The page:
Unless one is considering aphorisms or maxims, the study of the sentence, by itself, has its severe limits. After one has charted simple, complex, and compound sentences, mentioned sentences dominated by subordinate clauses and sentences that are additive, or add one clause after another on their tail end, there isn’t all that much useful to say, except that one sentence is ill- and another well-made, one tone deaf and another sonorous.
Fish ignores the crucial fact that sentences owe their form and their language to their place in that larger entity, the paragraph. One cannot know the form one sentence is to take until having taken into cognizance the sentence, or sentences, that precede it. As the principle of poetry is—or once was—uniformity of meter, so the reigning principle of prose is variety, which means avoiding uniformity of syntax, rhythm, repetition of words, sameness of syntax. A sentence, every sentence, is a tile in a briefer or lengthier mosaic known as a paragraph. No sentence, like no man, as the poet said, is an island.
Here is a paragraph from that brilliant prose mosaicist Evelyn Waugh from his biography Ronald Knox, in which I can descry seven artless—which is to say perfectly artistic—sentences and no clear forms whatsoever:
Ronald had no desire to grow up. Adolescence, for him, was not a process of liberation or of adventure. Manhood threatened him with tedious duties and grave decisions. His mind had flourished and matured while his heart was still a child’s. He grew up slowly. Each stage of his growth imposed a burden; each enlargement of spirit, the loss of something fond. Perhaps some instinctive foreboding of the heaviness of the coming years years tinctured his love of Eton and sharpened his longing to delay.
The only sentences that stand alone—that is, that are not utterly dependent on what has come before them—are the first and, to a lesser extent, the last sentences in a composition. Fish defines the missions of first and last sentences thus: “First sentences . . . are promissory notes,” prefiguring what is to follow. Last sentences “can sum up, refuse to sum up, change the subject, leave you satisfied, leave you wanting more, put everything into perspective, or explode perspectives.” I should put it differently. Excellent first sentences are about seduction, seducing the reader, at a minimum, to read the second sentence. Fish chose to ignore the best first sentence in literature, which is Tolstoy’s in Anna Karenina: “Happy families are all alike; every unhappy family is unhappy in its own way.” Often first sentences aren’t composed as first sentences at all, and rare, I should say, is the writer who has never had the experience of discovering that his initial first sentence was a misfit and that his composition starts better by opening with the sentence beginning his second or third or fourth paragraph.
As for last sentences, along with that of A Tale of Two Cities (“It is a far, far better thing that I do than I have ever done before; it is a far, far better rest that I go to, than I have ever known”) of which Stanley Fish doesn’t approve, the best in my opinion is that which ends on Madame Bovary: “Monsieur Homais received the legion of honor,” which signals a victory for all that its author wants his readers to despise. The task of a fine last sentence is to set the plane down safely, without any bumps, and the satisfying sense of a trip completed.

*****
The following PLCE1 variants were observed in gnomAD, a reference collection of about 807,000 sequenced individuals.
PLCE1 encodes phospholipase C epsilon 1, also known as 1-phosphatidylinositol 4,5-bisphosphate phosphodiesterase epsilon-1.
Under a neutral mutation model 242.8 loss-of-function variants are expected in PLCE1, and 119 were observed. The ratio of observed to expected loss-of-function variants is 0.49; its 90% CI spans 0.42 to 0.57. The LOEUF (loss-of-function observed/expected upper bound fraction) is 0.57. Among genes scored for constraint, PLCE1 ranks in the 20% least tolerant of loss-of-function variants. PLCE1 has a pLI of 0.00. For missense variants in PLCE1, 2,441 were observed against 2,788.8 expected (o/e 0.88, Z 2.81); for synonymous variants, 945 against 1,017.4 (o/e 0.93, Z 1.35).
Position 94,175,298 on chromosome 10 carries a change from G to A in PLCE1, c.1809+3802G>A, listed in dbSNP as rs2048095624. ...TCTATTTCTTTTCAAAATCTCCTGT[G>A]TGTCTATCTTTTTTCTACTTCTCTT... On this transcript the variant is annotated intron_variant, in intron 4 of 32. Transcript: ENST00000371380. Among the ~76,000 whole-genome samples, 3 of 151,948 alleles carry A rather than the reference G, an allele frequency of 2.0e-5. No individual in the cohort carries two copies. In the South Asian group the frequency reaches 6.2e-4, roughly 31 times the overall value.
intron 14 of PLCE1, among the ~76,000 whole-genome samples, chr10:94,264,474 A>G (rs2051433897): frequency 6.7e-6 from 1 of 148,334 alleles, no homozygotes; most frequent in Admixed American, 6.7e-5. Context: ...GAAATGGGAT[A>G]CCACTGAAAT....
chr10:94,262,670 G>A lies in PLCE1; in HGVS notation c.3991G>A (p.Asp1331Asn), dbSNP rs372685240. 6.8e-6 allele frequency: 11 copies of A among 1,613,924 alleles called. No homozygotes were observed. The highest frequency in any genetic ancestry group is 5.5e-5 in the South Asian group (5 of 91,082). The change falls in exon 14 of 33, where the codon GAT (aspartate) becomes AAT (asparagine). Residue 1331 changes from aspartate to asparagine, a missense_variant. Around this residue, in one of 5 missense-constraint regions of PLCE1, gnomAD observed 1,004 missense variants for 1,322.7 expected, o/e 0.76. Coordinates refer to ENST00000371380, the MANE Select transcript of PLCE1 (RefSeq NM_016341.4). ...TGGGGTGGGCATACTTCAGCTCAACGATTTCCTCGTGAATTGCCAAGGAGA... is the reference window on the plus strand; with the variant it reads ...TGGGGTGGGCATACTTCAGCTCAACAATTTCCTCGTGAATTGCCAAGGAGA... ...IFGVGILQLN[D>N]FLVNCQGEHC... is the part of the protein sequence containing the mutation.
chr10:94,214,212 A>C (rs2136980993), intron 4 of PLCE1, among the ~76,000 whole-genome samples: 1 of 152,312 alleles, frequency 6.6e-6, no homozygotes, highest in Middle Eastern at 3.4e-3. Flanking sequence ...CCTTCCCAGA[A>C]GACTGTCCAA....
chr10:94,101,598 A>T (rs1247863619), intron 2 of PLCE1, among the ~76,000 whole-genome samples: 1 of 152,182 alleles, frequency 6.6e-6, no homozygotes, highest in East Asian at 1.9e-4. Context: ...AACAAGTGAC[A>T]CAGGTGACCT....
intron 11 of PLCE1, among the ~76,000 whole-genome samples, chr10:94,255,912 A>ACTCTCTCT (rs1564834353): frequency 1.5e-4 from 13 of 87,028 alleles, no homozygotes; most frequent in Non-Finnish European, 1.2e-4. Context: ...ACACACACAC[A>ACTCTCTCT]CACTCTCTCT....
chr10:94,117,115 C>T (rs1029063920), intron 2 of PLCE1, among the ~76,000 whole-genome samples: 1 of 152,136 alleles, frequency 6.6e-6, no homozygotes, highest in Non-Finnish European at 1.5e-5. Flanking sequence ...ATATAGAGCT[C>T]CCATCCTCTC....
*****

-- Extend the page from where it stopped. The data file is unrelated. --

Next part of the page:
Stanley Fish refers to himself as a “sentence nut” and at one point refers to “the wonderful world of sentences,” reminding me of nothing so much as of the Erpi Classroom films of my boyhood, which contained lines like “Wonderful world of fungus,” with the public-school camera generally grinding to a slow breakdown on the word fungus. In his chapter “What Is A Good Sentence?” he neglects to tell us what, precisely, it is, perhaps because there is no convincing solitary answer. He teaches, as the old proverb has it, by example—the example of a few score sentences scattered through his book.
What these ostensibly exemplary sentences prove is that, in the realm of sentences, tastes differ. Fish exults over sentences by Leonard Michaels, D. H. Lawrence, Virgina Woolf, and Ralph Waldo Emerson that I find without power or charm. He cites an abstruse sentence from Joseph Conrad’s The Nigger of the “Narcissus” on the composition of sentences when much better, and more efficient, sentences were available to him in the preface to that same story: “My task which I am trying to achieve is, by the power of the written word, to make you hear, to make you feel—it is, before all, to make you see,” followed by the clincher close, “That—and no more, and it is everything.”
Fish quotes a few sentences by Gertrude Stein—he ends his book on her writing about the seduction of diagramming sentences—and is under the impression that she was a great writer. (He also quotes from that most useless, for the real writer, of essays, Edgar Allan Poe’s “The Philosophy of Composition.”) What Gertrude Stein attempted was to make prose do what the great avant-garde art of her day—that of painting—did, by writing in the continuous present and using boring repetitions as if filling in a canvas. She failed in her attempt, and a good thing, too, for English prose.
Perhaps the reason for the rather poor choices of so many of Fish’s sentences is that they allow him, in obeisance to his subtitle, which promises how also to read a sentence, to do rather elaborate riffs—explications du texte, in the old New Criticism phrase—on these sentences. While many of these heavy-breathing exercises allow Professor Fish to work himself up into a fine pedagogical lather, their chief effect on this reader is to remind him that it is good no longer to be a student.
I seem to have written more than three thousand words without a single kind one for How to Write a Sentence and How to Read One. To remedy this, at least partially, let it be noted that, at 165 pages, index and acknowledgments and biographical note on the author included, it is a short book.